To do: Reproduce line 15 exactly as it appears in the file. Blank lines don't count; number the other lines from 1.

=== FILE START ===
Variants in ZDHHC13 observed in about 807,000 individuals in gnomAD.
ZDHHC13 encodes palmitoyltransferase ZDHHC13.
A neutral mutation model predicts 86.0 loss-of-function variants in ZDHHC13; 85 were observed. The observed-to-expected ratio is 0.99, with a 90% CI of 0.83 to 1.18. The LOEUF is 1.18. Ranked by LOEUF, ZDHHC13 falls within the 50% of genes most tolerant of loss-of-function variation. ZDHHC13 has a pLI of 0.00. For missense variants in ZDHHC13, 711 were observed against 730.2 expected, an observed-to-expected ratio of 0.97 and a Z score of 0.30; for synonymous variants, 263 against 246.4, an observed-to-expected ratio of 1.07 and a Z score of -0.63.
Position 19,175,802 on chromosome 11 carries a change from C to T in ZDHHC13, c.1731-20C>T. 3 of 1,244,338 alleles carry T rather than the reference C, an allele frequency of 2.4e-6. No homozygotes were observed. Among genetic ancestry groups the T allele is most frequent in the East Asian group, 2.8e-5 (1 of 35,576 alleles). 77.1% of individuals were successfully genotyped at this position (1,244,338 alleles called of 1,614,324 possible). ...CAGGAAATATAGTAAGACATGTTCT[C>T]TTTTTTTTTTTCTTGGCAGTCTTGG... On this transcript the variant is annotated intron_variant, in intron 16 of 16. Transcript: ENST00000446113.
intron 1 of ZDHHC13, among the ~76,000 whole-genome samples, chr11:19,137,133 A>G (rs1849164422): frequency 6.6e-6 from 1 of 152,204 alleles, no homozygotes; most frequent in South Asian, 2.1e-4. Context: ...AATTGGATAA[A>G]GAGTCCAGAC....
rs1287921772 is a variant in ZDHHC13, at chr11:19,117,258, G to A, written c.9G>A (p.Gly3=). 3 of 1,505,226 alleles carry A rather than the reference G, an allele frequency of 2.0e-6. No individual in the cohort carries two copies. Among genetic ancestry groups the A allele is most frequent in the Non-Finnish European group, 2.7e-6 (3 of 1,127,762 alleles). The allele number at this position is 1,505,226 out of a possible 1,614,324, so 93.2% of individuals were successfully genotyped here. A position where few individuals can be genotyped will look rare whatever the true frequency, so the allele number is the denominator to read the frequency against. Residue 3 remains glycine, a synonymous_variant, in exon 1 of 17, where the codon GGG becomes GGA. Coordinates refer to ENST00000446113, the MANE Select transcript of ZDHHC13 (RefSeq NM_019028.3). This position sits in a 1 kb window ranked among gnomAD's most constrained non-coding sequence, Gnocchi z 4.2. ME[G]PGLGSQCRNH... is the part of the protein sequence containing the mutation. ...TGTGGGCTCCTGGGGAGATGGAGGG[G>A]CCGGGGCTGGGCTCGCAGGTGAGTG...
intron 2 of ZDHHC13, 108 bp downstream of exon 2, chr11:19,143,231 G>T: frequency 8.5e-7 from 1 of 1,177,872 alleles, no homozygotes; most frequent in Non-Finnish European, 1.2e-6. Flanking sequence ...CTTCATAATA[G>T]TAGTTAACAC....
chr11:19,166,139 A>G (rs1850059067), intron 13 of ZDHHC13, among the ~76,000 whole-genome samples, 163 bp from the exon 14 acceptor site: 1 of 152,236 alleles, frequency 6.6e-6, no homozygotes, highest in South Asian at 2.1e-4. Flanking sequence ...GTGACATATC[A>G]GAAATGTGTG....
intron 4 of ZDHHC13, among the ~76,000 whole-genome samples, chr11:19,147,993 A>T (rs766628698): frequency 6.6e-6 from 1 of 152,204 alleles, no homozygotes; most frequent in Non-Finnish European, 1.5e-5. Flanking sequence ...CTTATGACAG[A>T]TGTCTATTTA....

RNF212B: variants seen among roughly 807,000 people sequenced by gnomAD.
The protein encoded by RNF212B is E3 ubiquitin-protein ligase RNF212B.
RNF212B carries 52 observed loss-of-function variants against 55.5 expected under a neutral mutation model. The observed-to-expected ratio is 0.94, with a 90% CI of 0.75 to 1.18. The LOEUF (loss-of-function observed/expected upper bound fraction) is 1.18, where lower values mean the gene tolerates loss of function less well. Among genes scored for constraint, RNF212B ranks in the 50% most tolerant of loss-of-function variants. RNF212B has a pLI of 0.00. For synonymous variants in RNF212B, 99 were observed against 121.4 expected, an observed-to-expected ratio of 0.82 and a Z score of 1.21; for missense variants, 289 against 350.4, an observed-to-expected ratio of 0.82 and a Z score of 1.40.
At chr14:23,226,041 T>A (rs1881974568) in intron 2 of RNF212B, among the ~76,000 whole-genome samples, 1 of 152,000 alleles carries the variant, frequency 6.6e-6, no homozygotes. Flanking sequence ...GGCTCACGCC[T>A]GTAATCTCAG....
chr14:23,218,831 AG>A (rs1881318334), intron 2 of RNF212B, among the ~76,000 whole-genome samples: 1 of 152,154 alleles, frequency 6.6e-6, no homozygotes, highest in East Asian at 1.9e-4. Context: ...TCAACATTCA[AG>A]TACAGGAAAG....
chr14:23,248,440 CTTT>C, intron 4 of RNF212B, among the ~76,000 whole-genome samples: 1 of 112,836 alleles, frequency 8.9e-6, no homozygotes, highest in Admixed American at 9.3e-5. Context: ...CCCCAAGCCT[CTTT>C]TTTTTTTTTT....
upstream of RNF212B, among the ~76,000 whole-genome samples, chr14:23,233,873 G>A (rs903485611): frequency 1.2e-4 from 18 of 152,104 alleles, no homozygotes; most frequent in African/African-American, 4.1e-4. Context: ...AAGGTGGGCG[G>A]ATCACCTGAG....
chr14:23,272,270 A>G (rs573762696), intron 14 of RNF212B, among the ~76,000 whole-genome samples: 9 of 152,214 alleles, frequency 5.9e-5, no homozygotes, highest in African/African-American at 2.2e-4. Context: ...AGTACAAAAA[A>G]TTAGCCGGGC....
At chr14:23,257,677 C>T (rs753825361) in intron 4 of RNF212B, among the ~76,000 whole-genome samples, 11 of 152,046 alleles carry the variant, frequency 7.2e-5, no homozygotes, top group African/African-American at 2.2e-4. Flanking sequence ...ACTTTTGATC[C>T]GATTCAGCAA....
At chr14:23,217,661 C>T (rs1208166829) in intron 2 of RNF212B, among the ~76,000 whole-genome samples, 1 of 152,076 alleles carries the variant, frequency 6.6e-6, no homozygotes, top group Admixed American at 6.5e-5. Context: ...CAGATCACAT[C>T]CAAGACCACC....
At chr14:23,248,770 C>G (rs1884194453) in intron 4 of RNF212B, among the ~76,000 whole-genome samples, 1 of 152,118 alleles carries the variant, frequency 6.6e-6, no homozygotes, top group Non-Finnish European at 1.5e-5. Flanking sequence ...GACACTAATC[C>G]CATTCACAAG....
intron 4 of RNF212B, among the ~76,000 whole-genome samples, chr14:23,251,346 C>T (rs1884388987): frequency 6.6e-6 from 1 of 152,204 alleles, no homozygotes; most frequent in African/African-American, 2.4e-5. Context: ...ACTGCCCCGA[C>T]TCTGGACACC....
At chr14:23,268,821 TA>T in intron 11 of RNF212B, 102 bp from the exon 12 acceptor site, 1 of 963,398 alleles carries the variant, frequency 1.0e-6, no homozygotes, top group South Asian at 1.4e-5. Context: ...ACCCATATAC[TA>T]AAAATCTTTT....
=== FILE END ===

chr14:23,248,440 CTTT>C, intron 4 of RNF212B, among the ~76,000 whole-genome samples: 1 of 112,836 alleles, frequency 8.9e-6, no homozygotes, highest in Admixed American at 9.3e-5. Context: ...CCCCAAGCCT[CTTT>C]TTTTTTTTTT....